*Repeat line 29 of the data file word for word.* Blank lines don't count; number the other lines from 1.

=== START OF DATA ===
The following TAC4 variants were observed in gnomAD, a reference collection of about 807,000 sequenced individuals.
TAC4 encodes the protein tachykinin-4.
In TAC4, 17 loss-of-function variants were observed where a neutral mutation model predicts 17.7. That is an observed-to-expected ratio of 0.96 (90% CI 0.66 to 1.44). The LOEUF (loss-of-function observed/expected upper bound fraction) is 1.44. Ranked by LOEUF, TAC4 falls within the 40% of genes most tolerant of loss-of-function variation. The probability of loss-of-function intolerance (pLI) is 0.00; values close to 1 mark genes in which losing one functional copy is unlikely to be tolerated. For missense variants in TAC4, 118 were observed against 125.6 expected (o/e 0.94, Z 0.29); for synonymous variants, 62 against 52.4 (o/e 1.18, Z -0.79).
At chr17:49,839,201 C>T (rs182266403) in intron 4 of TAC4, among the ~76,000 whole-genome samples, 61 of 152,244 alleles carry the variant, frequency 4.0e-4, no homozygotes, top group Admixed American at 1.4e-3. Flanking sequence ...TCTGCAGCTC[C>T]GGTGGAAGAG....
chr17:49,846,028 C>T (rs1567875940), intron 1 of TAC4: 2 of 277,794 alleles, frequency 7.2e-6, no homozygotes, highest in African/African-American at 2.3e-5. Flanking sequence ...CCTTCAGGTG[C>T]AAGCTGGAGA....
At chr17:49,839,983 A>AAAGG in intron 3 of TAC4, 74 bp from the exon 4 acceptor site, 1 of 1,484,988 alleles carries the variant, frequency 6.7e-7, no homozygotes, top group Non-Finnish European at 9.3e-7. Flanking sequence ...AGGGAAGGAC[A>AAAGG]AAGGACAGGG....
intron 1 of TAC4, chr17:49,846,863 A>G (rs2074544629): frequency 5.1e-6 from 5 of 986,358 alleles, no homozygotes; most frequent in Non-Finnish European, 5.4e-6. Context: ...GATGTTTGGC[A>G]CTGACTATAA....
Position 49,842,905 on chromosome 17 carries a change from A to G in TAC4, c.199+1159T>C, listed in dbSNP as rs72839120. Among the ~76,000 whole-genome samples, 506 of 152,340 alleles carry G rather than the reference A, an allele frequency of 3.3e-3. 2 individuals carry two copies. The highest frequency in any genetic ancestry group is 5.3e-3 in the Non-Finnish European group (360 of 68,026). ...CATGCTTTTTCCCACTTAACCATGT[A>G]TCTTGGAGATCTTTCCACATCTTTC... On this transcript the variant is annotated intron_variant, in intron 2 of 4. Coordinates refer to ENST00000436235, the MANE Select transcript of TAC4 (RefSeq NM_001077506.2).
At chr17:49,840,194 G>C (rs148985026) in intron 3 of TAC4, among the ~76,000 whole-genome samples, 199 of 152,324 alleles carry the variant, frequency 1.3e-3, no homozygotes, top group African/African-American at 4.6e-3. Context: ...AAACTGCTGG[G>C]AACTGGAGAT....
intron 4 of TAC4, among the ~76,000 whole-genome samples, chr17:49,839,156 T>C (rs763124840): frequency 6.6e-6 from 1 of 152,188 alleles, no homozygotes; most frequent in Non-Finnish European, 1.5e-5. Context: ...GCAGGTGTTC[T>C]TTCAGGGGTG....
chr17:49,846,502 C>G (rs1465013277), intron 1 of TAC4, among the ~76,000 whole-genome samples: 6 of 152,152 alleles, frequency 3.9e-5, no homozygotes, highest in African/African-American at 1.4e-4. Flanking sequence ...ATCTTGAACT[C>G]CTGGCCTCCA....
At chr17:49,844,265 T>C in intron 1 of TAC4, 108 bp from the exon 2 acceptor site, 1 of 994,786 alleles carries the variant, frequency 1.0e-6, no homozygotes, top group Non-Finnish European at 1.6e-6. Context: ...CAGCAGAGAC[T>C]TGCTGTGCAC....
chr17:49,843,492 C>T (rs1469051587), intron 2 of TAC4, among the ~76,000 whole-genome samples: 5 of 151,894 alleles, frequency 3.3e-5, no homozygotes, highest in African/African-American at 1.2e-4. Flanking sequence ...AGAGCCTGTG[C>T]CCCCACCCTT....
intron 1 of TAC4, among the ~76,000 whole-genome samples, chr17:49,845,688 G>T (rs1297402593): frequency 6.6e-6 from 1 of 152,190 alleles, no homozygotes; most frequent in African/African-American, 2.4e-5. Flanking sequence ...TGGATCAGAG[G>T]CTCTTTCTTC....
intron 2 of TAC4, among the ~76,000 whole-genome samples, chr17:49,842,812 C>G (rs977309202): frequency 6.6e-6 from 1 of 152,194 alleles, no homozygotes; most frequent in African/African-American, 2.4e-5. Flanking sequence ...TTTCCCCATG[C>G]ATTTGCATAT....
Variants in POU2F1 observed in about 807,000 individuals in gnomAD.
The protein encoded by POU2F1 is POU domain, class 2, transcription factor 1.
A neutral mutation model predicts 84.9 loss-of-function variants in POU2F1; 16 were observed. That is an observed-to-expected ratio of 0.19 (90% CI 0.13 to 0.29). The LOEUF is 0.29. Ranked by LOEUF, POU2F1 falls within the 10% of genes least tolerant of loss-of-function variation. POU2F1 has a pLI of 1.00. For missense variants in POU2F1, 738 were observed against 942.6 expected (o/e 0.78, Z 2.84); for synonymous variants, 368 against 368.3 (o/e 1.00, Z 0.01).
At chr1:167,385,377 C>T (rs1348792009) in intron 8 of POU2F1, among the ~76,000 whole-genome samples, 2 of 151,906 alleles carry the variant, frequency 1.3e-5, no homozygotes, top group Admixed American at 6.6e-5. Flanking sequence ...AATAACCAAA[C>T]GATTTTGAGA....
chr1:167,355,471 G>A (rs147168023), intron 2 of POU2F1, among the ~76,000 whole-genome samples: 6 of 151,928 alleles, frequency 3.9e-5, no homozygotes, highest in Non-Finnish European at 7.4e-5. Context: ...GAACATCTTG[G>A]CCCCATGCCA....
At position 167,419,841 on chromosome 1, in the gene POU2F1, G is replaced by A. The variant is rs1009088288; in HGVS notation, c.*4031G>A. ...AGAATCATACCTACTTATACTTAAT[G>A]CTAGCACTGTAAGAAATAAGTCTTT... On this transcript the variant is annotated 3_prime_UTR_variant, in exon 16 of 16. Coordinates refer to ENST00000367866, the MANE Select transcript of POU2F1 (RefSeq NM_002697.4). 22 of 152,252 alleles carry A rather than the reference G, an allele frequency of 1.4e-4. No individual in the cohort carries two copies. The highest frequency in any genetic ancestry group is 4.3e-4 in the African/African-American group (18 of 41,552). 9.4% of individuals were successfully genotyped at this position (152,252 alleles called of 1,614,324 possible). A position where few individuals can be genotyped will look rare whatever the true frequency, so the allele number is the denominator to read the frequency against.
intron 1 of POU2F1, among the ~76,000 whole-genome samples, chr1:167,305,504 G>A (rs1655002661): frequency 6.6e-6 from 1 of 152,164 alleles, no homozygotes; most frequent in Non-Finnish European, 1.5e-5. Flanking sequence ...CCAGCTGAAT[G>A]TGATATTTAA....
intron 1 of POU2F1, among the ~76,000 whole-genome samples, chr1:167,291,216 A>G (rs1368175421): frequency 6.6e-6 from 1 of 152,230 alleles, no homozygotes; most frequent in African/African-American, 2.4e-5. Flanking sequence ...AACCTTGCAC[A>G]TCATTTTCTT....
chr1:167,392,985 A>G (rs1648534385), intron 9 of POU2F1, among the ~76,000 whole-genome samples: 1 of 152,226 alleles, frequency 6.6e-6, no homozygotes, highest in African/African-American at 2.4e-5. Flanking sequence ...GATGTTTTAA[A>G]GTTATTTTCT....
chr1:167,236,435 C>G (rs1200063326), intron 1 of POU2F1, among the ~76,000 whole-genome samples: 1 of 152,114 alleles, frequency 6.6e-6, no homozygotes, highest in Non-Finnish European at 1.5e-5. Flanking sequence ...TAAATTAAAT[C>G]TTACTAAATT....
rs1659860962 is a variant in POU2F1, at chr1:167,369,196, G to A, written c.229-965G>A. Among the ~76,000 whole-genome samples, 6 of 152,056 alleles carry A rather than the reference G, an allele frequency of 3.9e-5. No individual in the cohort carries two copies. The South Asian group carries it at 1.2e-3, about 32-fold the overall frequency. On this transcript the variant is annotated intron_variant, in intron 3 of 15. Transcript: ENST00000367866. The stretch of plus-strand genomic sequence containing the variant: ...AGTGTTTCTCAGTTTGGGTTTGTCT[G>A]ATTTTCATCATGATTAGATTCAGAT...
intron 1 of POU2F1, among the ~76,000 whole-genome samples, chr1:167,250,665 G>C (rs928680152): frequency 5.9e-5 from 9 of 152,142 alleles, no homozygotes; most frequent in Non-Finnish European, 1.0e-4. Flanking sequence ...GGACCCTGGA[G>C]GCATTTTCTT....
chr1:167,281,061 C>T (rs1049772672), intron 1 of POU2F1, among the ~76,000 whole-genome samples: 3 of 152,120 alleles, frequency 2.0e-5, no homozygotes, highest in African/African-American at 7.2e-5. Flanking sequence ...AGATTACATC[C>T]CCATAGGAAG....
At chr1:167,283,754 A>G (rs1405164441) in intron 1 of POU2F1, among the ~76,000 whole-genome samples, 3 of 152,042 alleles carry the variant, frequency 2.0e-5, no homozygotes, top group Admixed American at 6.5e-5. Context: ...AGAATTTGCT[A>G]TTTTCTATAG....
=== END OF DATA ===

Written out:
At chr1:167,283,754 A>G (rs1405164441) in intron 1 of POU2F1, among the ~76,000 whole-genome samples, 3 of 152,042 alleles carry the variant, frequency 2.0e-5, no homozygotes, top group Admixed American at 6.5e-5. Context: ...AGAATTTGCT[A>G]TTTTCTATAG....